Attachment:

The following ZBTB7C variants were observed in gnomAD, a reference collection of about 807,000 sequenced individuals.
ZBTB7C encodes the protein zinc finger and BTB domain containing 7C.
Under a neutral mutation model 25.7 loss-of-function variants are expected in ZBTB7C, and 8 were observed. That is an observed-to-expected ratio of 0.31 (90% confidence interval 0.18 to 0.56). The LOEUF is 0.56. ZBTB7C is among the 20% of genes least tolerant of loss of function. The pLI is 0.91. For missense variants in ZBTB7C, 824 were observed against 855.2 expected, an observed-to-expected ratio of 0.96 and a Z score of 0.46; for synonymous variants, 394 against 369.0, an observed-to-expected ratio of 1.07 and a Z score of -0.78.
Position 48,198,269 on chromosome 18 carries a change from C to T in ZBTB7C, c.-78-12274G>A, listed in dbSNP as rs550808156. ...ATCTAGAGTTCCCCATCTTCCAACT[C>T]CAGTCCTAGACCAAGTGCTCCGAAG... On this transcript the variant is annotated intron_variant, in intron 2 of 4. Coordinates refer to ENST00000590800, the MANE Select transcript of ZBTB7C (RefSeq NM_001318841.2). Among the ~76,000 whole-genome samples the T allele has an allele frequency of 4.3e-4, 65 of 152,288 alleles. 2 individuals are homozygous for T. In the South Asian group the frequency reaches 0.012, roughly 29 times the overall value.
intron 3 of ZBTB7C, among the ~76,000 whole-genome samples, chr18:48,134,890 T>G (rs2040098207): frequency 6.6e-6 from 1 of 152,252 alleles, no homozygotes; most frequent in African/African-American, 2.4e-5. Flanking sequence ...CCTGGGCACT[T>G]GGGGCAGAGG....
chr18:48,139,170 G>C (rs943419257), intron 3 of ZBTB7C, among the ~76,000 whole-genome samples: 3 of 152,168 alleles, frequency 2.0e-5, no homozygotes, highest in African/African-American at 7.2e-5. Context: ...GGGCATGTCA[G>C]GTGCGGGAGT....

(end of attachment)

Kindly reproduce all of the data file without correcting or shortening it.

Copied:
The following ZBTB7C variants were observed in gnomAD, a reference collection of about 807,000 sequenced individuals.
ZBTB7C encodes the protein zinc finger and BTB domain containing 7C.
Under a neutral mutation model 25.7 loss-of-function variants are expected in ZBTB7C, and 8 were observed. That is an observed-to-expected ratio of 0.31 (90% confidence interval 0.18 to 0.56). The LOEUF is 0.56. ZBTB7C is among the 20% of genes least tolerant of loss of function. The pLI is 0.91. For missense variants in ZBTB7C, 824 were observed against 855.2 expected, an observed-to-expected ratio of 0.96 and a Z score of 0.46; for synonymous variants, 394 against 369.0, an observed-to-expected ratio of 1.07 and a Z score of -0.78.
Position 48,198,269 on chromosome 18 carries a change from C to T in ZBTB7C, c.-78-12274G>A, listed in dbSNP as rs550808156. ...ATCTAGAGTTCCCCATCTTCCAACT[C>T]CAGTCCTAGACCAAGTGCTCCGAAG... On this transcript the variant is annotated intron_variant, in intron 2 of 4. Coordinates refer to ENST00000590800, the MANE Select transcript of ZBTB7C (RefSeq NM_001318841.2). Among the ~76,000 whole-genome samples the T allele has an allele frequency of 4.3e-4, 65 of 152,288 alleles. 2 individuals are homozygous for T. In the South Asian group the frequency reaches 0.012, roughly 29 times the overall value.
intron 3 of ZBTB7C, among the ~76,000 whole-genome samples, chr18:48,134,890 T>G (rs2040098207): frequency 6.6e-6 from 1 of 152,252 alleles, no homozygotes; most frequent in African/African-American, 2.4e-5. Flanking sequence ...CCTGGGCACT[T>G]GGGGCAGAGG....
chr18:48,139,170 G>C (rs943419257), intron 3 of ZBTB7C, among the ~76,000 whole-genome samples: 3 of 152,168 alleles, frequency 2.0e-5, no homozygotes, highest in African/African-American at 7.2e-5. Context: ...GGGCATGTCA[G>C]GTGCGGGAGT....